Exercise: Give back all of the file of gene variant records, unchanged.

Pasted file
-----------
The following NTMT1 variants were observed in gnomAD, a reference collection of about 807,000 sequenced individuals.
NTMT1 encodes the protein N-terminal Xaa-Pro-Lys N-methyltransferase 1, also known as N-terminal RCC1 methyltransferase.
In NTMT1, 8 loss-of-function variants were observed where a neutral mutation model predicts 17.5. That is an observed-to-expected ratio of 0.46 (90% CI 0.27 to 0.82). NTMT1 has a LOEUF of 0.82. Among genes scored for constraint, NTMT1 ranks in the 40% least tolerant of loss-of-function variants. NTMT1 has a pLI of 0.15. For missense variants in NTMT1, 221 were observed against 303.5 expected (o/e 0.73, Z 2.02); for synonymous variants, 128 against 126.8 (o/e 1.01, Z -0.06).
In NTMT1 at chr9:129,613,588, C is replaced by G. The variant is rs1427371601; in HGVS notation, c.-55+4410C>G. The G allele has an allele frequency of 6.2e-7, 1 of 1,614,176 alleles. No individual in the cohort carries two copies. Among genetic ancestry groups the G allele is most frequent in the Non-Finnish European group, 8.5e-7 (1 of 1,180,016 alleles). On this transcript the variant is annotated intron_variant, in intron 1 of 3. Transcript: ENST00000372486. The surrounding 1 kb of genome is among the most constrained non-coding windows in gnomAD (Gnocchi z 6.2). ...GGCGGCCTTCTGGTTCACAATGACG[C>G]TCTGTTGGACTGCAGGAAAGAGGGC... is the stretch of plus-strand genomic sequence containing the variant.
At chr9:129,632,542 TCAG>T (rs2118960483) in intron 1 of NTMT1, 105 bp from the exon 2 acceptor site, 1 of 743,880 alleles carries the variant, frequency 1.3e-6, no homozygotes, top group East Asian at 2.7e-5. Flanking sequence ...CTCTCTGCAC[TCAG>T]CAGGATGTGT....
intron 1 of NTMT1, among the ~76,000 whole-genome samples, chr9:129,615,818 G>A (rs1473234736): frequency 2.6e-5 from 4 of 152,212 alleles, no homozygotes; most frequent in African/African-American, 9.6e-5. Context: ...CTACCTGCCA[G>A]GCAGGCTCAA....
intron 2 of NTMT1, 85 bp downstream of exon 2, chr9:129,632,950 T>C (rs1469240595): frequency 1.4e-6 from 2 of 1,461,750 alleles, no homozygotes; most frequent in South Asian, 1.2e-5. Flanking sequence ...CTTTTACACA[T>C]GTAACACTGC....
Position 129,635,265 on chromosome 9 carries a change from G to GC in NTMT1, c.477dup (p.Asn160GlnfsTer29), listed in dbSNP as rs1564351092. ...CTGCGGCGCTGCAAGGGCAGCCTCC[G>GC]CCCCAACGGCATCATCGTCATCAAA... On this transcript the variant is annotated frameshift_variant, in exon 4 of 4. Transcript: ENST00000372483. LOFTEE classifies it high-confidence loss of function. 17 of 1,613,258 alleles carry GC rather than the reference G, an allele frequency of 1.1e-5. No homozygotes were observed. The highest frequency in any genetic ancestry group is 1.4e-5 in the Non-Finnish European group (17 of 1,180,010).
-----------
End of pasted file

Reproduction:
The following NTMT1 variants were observed in gnomAD, a reference collection of about 807,000 sequenced individuals.
NTMT1 encodes the protein N-terminal Xaa-Pro-Lys N-methyltransferase 1, also known as N-terminal RCC1 methyltransferase.
In NTMT1, 8 loss-of-function variants were observed where a neutral mutation model predicts 17.5. That is an observed-to-expected ratio of 0.46 (90% CI 0.27 to 0.82). NTMT1 has a LOEUF of 0.82. Among genes scored for constraint, NTMT1 ranks in the 40% least tolerant of loss-of-function variants. NTMT1 has a pLI of 0.15. For missense variants in NTMT1, 221 were observed against 303.5 expected (o/e 0.73, Z 2.02); for synonymous variants, 128 against 126.8 (o/e 1.01, Z -0.06).
In NTMT1 at chr9:129,613,588, C is replaced by G. The variant is rs1427371601; in HGVS notation, c.-55+4410C>G. The G allele has an allele frequency of 6.2e-7, 1 of 1,614,176 alleles. No individual in the cohort carries two copies. Among genetic ancestry groups the G allele is most frequent in the Non-Finnish European group, 8.5e-7 (1 of 1,180,016 alleles). On this transcript the variant is annotated intron_variant, in intron 1 of 3. Transcript: ENST00000372486. The surrounding 1 kb of genome is among the most constrained non-coding windows in gnomAD (Gnocchi z 6.2). ...GGCGGCCTTCTGGTTCACAATGACG[C>G]TCTGTTGGACTGCAGGAAAGAGGGC... is the stretch of plus-strand genomic sequence containing the variant.
At chr9:129,632,542 TCAG>T (rs2118960483) in intron 1 of NTMT1, 105 bp from the exon 2 acceptor site, 1 of 743,880 alleles carries the variant, frequency 1.3e-6, no homozygotes, top group East Asian at 2.7e-5. Flanking sequence ...CTCTCTGCAC[TCAG>T]CAGGATGTGT....
intron 1 of NTMT1, among the ~76,000 whole-genome samples, chr9:129,615,818 G>A (rs1473234736): frequency 2.6e-5 from 4 of 152,212 alleles, no homozygotes; most frequent in African/African-American, 9.6e-5. Context: ...CTACCTGCCA[G>A]GCAGGCTCAA....
intron 2 of NTMT1, 85 bp downstream of exon 2, chr9:129,632,950 T>C (rs1469240595): frequency 1.4e-6 from 2 of 1,461,750 alleles, no homozygotes; most frequent in South Asian, 1.2e-5. Flanking sequence ...CTTTTACACA[T>C]GTAACACTGC....
Position 129,635,265 on chromosome 9 carries a change from G to GC in NTMT1, c.477dup (p.Asn160GlnfsTer29), listed in dbSNP as rs1564351092. ...CTGCGGCGCTGCAAGGGCAGCCTCC[G>GC]CCCCAACGGCATCATCGTCATCAAA... On this transcript the variant is annotated frameshift_variant, in exon 4 of 4. Transcript: ENST00000372483. LOFTEE classifies it high-confidence loss of function. 17 of 1,613,258 alleles carry GC rather than the reference G, an allele frequency of 1.1e-5. No homozygotes were observed. The highest frequency in any genetic ancestry group is 1.4e-5 in the Non-Finnish European group (17 of 1,180,010).